• Use foam rolling to increase your range of motion before you perform exercises requiring a decent amount of mobility (think overhead squats)
  • Use foam rolling as a recovery tool to reduce delayed onset muscle soreness (think: can't sit down the day after those damn overhead squats)
  • Maybe use foam rolling for long-term cardiovascular health....maybe
  • Don't use foam rolling to enhance your athletic doesn't work
  • Don't spend forever on the foam roller....set a timer and roll each muscle group for up to 2've gotten all you can out of that piece of foam....move on with your day
  • Using a stick, ball, or roller doesn't matter (as far as we know) so choose what is convenient for you and the area you are working on

In summary, research on foam rolling is still in its infancy. As per usual, the fitness industry has pulled way ahead of the evidence in the race for consumer attention. We are still learning how best to use a foam roller and why it works (or doesn't work). To date, the evidence supports foam rolling as a means to: increase range of motion acutely (but sadly temporarily), to reduce delayed-onset muscle soreness, and to have no effect on athletic performance. It is reasonable to recommend athletes and the general public alike use foam rolling as means of increasing preexercise functional mobility or to enhance postexercise recovery. So make like Limp Bizkit and just keep rollin, rollin, rollin, rollin.

Coach P.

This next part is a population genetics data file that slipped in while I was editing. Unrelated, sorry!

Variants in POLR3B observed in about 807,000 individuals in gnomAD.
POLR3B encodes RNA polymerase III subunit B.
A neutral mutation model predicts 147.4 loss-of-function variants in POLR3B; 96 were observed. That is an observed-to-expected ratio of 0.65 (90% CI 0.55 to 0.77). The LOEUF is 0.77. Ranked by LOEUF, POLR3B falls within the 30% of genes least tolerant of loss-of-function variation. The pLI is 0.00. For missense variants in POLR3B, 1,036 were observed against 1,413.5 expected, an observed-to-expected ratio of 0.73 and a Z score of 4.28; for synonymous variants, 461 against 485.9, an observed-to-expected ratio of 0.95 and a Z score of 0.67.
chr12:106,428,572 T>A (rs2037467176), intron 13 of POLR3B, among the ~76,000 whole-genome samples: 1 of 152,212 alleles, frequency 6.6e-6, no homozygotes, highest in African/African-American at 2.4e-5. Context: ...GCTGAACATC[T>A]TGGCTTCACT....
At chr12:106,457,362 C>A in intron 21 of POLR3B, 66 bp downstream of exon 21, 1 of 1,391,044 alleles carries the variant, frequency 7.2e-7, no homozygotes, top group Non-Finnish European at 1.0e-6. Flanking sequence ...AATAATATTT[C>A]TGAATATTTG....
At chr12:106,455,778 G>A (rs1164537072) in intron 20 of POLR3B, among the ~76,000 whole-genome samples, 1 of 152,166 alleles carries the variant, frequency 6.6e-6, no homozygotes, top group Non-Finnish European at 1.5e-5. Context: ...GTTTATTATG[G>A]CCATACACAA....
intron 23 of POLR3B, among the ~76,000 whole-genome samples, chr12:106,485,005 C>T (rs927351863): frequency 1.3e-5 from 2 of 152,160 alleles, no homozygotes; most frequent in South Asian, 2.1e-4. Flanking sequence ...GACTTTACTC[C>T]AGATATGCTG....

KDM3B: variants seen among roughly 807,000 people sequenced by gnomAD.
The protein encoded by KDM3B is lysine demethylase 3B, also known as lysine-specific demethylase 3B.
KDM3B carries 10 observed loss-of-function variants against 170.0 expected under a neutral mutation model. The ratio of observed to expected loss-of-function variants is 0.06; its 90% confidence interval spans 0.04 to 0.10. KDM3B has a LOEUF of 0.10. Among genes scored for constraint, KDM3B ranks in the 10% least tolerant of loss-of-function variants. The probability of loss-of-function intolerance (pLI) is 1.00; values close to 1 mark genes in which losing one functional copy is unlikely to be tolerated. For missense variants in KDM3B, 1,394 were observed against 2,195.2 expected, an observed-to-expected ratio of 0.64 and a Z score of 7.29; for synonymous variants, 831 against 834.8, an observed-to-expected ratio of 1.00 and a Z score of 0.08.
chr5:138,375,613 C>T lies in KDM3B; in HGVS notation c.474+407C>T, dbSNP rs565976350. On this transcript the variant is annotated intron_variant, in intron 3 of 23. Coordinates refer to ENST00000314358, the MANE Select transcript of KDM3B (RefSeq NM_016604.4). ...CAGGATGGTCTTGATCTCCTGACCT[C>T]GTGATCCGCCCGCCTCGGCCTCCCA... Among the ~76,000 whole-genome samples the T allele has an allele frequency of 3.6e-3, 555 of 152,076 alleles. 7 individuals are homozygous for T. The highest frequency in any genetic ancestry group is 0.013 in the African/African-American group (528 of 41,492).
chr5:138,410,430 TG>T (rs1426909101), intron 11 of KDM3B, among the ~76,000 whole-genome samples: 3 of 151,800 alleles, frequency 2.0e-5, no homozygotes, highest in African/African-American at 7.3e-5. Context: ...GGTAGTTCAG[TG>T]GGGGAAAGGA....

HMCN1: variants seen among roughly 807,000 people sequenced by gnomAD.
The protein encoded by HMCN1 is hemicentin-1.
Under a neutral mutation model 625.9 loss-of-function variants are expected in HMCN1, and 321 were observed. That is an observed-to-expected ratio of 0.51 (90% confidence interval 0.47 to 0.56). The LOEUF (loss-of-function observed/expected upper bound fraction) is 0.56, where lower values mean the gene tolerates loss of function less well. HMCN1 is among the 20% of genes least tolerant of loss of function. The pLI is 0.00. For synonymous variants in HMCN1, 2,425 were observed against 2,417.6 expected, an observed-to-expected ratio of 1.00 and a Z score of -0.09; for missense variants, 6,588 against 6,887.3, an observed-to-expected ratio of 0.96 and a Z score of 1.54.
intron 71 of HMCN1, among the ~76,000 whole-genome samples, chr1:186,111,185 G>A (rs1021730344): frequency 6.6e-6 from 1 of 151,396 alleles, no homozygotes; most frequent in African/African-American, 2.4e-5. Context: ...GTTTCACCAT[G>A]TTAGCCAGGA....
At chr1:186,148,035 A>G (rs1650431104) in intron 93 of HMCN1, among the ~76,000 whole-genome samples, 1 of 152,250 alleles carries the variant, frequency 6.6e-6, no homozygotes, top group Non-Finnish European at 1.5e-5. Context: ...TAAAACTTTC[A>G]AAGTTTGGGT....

Get it? bales of hay all rolled up? Rolling? Roll?.               &n…

                                         Get it? bales of hay all rolled up? Rolling? Roll?

.                                                                                ...Save me from myself.


1. Registered Massage Therapists' Association of Ontario 2017, accessed 4 April 2017, <>

2. Beardsley, C. &  Skarabot, J. (2015) Effects of Self-Myofascial Release: A Systematic Review. Journal of Bodywork & Movement Therapies, doi: 10.1016/j.jbmt.2015.08.007

2. Schroeder, A. & Best, T.M., (2015) Is Self Myofascial Release an Effective Preexercise and Recovery Strategy? A Literature Review. Current Sports Medicine Reports, 14(3): 200-8

3. Cheatham, S.W., Kolber, M.J., Cain, M., & Lee, M. (2015) The effects of self-myofascial release using a foam roll or roller massager on joint range of motion, muscle recovery, and performance: A systematic review. International Journal of Sports Physical Therapy, 10(6): 827-838

5. Okamoto, T., Masuhara, M., & Ikuta, K. (2014). Acute effects of self-myofascial release using a foam roller on arterial function. Journal of Strength and Conditioning Research, 28(1): 69-73.